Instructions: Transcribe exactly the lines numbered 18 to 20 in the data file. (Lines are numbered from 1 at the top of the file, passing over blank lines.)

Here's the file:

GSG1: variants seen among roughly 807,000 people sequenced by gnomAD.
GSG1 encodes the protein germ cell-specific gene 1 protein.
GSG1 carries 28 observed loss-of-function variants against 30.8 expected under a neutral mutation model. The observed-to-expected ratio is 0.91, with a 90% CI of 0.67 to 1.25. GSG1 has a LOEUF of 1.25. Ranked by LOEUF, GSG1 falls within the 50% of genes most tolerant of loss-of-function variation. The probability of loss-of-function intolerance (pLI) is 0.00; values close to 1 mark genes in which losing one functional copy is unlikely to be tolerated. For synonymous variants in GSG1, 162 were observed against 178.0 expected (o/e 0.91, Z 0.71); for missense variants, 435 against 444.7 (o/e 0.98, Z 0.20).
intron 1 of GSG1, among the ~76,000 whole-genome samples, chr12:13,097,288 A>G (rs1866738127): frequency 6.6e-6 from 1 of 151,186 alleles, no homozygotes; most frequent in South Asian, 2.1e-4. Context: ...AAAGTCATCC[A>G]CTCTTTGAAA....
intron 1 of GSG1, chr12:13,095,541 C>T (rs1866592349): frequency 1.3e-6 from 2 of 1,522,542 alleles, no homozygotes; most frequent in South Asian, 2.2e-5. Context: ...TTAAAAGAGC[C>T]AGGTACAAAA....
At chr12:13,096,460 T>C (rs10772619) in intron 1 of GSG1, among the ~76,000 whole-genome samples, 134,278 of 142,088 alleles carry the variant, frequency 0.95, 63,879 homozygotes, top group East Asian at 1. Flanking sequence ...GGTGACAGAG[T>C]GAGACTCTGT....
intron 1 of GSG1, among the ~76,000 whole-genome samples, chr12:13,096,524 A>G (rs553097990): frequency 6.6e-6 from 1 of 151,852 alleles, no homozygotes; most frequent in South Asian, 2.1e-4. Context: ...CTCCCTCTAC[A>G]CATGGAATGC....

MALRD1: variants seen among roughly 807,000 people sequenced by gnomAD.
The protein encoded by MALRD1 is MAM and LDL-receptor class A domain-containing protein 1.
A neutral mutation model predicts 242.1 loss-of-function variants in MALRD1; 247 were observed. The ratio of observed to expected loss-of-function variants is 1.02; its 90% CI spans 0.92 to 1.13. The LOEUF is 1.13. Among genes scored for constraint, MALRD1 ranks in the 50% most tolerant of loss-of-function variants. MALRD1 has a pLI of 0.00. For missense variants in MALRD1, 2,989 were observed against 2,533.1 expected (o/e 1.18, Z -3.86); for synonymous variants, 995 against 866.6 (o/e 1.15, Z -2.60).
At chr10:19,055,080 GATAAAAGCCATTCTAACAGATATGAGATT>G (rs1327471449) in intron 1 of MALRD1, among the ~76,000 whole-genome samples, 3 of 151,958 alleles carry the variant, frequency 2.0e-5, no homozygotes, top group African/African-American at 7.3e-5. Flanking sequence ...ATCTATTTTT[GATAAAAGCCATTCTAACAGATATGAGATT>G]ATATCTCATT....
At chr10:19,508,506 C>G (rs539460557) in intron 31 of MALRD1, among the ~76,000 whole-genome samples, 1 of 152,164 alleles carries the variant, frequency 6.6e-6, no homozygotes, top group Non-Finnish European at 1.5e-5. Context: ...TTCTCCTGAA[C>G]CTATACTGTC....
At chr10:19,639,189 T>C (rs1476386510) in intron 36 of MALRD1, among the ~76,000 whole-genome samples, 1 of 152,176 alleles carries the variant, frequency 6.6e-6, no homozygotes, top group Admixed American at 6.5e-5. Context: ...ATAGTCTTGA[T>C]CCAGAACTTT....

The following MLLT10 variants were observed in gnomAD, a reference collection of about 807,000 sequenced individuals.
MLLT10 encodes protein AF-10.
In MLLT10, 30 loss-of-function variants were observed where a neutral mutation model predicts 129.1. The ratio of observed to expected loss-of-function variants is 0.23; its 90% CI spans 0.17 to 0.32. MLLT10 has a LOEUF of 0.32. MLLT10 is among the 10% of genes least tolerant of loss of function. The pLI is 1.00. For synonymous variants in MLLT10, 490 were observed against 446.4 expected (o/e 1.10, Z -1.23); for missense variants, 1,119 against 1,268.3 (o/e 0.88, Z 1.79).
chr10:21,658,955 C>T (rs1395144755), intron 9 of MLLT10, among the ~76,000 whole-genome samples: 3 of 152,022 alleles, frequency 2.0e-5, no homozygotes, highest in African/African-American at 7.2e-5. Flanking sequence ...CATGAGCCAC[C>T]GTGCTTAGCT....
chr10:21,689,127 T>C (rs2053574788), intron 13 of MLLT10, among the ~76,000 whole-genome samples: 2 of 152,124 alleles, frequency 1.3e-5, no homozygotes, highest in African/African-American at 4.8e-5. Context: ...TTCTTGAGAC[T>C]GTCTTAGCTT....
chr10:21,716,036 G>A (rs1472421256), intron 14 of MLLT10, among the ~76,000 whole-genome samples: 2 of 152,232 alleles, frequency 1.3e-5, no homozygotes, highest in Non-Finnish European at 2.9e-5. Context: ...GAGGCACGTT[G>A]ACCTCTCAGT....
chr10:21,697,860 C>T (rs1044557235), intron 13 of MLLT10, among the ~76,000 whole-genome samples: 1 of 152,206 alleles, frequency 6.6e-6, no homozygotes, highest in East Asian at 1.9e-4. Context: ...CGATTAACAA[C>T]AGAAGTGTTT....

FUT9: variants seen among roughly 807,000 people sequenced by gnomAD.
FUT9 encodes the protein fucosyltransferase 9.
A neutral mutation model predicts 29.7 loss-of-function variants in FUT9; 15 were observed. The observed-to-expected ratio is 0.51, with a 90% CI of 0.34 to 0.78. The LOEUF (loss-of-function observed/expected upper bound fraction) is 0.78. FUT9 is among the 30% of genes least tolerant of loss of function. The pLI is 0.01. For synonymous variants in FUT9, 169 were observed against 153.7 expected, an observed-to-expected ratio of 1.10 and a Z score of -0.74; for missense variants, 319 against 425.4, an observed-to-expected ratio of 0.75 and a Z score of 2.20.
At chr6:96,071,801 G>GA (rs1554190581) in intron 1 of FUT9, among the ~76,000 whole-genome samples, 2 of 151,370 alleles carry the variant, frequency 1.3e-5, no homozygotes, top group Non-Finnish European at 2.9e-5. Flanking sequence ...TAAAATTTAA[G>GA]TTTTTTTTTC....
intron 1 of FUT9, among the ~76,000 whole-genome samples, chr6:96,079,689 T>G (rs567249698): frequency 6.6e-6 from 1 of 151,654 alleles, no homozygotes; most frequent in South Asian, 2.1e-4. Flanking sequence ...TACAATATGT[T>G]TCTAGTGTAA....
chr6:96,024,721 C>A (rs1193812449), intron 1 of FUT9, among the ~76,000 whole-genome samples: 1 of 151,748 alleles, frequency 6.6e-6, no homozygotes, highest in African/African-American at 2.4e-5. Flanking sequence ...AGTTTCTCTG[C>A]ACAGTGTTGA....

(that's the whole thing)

chr10:21,689,127 T>C (rs2053574788), intron 13 of MLLT10, among the ~76,000 whole-genome samples: 2 of 152,124 alleles, frequency 1.3e-5, no homozygotes, highest in African/African-American at 4.8e-5. Context: ...TTCTTGAGAC[T>C]GTCTTAGCTT....
chr10:21,716,036 G>A (rs1472421256), intron 14 of MLLT10, among the ~76,000 whole-genome samples: 2 of 152,232 alleles, frequency 1.3e-5, no homozygotes, highest in Non-Finnish European at 2.9e-5. Context: ...GAGGCACGTT[G>A]ACCTCTCAGT....
chr10:21,697,860 C>T (rs1044557235), intron 13 of MLLT10, among the ~76,000 whole-genome samples: 1 of 152,206 alleles, frequency 6.6e-6, no homozygotes, highest in East Asian at 1.9e-4. Context: ...CGATTAACAA[C>T]AGAAGTGTTT....